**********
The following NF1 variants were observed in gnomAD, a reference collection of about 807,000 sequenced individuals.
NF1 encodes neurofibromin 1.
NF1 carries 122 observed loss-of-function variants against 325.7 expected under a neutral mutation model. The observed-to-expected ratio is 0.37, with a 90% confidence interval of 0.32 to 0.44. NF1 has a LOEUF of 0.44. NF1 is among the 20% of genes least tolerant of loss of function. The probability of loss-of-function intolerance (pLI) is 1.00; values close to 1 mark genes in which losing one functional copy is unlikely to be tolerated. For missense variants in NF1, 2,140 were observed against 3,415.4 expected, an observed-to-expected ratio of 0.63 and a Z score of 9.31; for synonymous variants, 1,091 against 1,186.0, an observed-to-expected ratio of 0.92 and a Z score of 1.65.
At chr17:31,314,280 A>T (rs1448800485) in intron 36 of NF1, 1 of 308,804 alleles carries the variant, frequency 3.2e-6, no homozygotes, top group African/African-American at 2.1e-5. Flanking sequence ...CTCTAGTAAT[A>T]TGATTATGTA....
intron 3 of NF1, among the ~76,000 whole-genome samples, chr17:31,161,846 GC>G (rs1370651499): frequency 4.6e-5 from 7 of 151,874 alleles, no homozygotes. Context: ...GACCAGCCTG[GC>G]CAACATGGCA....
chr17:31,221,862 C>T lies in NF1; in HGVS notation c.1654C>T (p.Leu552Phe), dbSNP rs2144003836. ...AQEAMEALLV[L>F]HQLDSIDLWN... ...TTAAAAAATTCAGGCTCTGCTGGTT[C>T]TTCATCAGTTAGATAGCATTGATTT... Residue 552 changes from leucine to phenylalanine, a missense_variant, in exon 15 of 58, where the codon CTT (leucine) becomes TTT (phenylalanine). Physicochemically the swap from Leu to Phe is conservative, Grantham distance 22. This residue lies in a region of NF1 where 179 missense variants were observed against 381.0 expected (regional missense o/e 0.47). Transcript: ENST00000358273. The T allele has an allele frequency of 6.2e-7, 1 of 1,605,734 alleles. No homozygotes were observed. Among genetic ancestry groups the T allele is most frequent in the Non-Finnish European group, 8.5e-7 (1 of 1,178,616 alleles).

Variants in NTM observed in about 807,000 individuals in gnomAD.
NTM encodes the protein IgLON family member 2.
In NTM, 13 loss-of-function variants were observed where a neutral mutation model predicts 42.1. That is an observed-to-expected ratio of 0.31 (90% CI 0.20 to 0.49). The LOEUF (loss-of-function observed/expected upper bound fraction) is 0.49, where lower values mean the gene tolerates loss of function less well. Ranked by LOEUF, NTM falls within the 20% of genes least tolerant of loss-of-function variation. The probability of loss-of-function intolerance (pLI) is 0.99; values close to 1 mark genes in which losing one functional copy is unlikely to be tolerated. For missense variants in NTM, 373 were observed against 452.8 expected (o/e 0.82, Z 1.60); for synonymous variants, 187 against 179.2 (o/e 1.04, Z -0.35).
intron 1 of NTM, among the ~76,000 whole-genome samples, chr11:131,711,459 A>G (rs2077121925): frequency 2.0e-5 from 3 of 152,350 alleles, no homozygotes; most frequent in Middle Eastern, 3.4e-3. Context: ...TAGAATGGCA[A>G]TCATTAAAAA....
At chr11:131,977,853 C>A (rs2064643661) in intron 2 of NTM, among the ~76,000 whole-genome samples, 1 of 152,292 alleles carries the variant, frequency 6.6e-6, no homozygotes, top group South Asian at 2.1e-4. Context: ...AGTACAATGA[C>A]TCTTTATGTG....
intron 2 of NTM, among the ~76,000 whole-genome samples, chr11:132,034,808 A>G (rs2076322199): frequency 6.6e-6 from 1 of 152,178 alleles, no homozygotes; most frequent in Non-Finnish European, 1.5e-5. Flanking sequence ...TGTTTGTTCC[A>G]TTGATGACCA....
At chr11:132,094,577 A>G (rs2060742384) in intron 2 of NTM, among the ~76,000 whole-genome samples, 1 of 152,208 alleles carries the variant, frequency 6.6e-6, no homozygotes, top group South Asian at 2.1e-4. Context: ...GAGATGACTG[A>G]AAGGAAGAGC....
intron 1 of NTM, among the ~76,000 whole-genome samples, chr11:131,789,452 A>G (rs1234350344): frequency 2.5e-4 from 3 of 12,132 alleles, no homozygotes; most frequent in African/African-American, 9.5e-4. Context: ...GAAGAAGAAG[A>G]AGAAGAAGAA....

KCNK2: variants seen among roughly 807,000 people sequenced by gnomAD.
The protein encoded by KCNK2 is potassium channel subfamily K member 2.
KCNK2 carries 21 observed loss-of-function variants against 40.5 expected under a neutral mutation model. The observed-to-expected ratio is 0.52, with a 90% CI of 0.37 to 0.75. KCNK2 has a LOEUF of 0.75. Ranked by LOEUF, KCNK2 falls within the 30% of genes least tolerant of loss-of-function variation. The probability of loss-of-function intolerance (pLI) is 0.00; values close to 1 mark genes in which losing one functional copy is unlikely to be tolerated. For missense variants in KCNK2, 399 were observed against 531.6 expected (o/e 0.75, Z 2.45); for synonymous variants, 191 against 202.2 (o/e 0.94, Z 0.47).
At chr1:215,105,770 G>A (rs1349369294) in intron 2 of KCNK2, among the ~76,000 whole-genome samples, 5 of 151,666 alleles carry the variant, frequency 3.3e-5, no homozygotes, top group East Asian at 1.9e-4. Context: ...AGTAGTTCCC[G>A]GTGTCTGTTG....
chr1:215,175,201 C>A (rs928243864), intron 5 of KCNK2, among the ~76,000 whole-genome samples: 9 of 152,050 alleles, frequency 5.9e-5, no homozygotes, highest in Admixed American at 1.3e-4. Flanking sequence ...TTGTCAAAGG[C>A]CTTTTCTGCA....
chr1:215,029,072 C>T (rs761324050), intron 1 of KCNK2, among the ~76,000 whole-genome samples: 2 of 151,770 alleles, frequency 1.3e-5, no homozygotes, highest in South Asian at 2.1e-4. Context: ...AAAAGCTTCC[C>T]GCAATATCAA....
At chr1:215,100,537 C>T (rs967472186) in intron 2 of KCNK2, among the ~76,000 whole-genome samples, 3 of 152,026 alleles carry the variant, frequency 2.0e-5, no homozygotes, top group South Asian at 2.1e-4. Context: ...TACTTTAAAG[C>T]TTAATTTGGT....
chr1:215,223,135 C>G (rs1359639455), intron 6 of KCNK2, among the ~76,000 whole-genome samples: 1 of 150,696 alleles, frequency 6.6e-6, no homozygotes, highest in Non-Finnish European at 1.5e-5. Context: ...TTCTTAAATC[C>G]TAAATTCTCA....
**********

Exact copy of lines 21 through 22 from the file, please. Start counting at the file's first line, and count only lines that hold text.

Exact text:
At chr1:215,100,537 C>T (rs967472186) in intron 2 of KCNK2, among the ~76,000 whole-genome samples, 3 of 152,026 alleles carry the variant, frequency 2.0e-5, no homozygotes, top group South Asian at 2.1e-4. Context: ...TACTTTAAAG[C>T]TTAATTTGGT....
chr1:215,223,135 C>G (rs1359639455), intron 6 of KCNK2, among the ~76,000 whole-genome samples: 1 of 150,696 alleles, frequency 6.6e-6, no homozygotes, highest in Non-Finnish European at 1.5e-5. Context: ...TTCTTAAATC[C>G]TAAATTCTCA....